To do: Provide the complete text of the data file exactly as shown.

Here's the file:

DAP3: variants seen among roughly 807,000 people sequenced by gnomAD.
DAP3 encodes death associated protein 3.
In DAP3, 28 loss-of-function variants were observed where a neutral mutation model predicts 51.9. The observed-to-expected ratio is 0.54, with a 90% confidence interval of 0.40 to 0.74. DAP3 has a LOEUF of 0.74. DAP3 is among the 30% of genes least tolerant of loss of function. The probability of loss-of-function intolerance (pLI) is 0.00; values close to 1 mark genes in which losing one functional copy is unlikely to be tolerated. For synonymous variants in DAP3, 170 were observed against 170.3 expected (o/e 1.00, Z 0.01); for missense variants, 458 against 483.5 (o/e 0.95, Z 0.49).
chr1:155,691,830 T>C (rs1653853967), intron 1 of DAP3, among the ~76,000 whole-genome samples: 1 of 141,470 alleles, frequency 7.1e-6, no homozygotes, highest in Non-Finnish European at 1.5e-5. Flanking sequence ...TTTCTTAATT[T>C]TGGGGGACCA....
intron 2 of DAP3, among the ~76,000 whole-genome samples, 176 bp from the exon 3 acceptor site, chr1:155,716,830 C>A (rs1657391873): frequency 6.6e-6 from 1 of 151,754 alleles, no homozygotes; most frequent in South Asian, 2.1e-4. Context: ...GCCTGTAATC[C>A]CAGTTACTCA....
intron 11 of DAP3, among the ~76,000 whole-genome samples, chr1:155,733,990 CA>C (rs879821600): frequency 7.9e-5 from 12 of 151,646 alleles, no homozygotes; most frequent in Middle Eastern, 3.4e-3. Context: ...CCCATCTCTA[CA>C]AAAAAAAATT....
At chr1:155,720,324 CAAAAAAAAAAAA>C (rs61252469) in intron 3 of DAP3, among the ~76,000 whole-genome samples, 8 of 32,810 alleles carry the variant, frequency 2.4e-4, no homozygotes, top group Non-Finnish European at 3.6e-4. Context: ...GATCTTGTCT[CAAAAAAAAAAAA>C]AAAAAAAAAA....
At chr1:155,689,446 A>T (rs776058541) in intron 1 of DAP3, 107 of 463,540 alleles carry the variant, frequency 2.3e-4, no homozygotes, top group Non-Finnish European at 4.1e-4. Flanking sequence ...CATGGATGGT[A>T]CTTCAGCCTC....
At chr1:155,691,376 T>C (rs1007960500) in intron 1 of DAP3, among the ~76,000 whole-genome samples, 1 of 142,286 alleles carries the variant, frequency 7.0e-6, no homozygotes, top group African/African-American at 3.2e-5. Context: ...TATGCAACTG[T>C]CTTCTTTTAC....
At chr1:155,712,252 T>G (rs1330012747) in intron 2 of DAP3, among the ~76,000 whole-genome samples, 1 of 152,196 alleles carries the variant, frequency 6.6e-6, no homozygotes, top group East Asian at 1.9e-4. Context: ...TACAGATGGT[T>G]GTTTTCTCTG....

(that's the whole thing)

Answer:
DAP3: variants seen among roughly 807,000 people sequenced by gnomAD.
DAP3 encodes death associated protein 3.
In DAP3, 28 loss-of-function variants were observed where a neutral mutation model predicts 51.9. The observed-to-expected ratio is 0.54, with a 90% confidence interval of 0.40 to 0.74. DAP3 has a LOEUF of 0.74. DAP3 is among the 30% of genes least tolerant of loss of function. The probability of loss-of-function intolerance (pLI) is 0.00; values close to 1 mark genes in which losing one functional copy is unlikely to be tolerated. For synonymous variants in DAP3, 170 were observed against 170.3 expected (o/e 1.00, Z 0.01); for missense variants, 458 against 483.5 (o/e 0.95, Z 0.49).
chr1:155,691,830 T>C (rs1653853967), intron 1 of DAP3, among the ~76,000 whole-genome samples: 1 of 141,470 alleles, frequency 7.1e-6, no homozygotes, highest in Non-Finnish European at 1.5e-5. Flanking sequence ...TTTCTTAATT[T>C]TGGGGGACCA....
intron 2 of DAP3, among the ~76,000 whole-genome samples, 176 bp from the exon 3 acceptor site, chr1:155,716,830 C>A (rs1657391873): frequency 6.6e-6 from 1 of 151,754 alleles, no homozygotes; most frequent in South Asian, 2.1e-4. Context: ...GCCTGTAATC[C>A]CAGTTACTCA....
intron 11 of DAP3, among the ~76,000 whole-genome samples, chr1:155,733,990 CA>C (rs879821600): frequency 7.9e-5 from 12 of 151,646 alleles, no homozygotes; most frequent in Middle Eastern, 3.4e-3. Context: ...CCCATCTCTA[CA>C]AAAAAAAATT....
At chr1:155,720,324 CAAAAAAAAAAAA>C (rs61252469) in intron 3 of DAP3, among the ~76,000 whole-genome samples, 8 of 32,810 alleles carry the variant, frequency 2.4e-4, no homozygotes, top group Non-Finnish European at 3.6e-4. Context: ...GATCTTGTCT[CAAAAAAAAAAAA>C]AAAAAAAAAA....
At chr1:155,689,446 A>T (rs776058541) in intron 1 of DAP3, 107 of 463,540 alleles carry the variant, frequency 2.3e-4, no homozygotes, top group Non-Finnish European at 4.1e-4. Flanking sequence ...CATGGATGGT[A>T]CTTCAGCCTC....
At chr1:155,691,376 T>C (rs1007960500) in intron 1 of DAP3, among the ~76,000 whole-genome samples, 1 of 142,286 alleles carries the variant, frequency 7.0e-6, no homozygotes, top group African/African-American at 3.2e-5. Context: ...TATGCAACTG[T>C]CTTCTTTTAC....
At chr1:155,712,252 T>G (rs1330012747) in intron 2 of DAP3, among the ~76,000 whole-genome samples, 1 of 152,196 alleles carries the variant, frequency 6.6e-6, no homozygotes, top group East Asian at 1.9e-4. Context: ...TACAGATGGT[T>G]GTTTTCTCTG....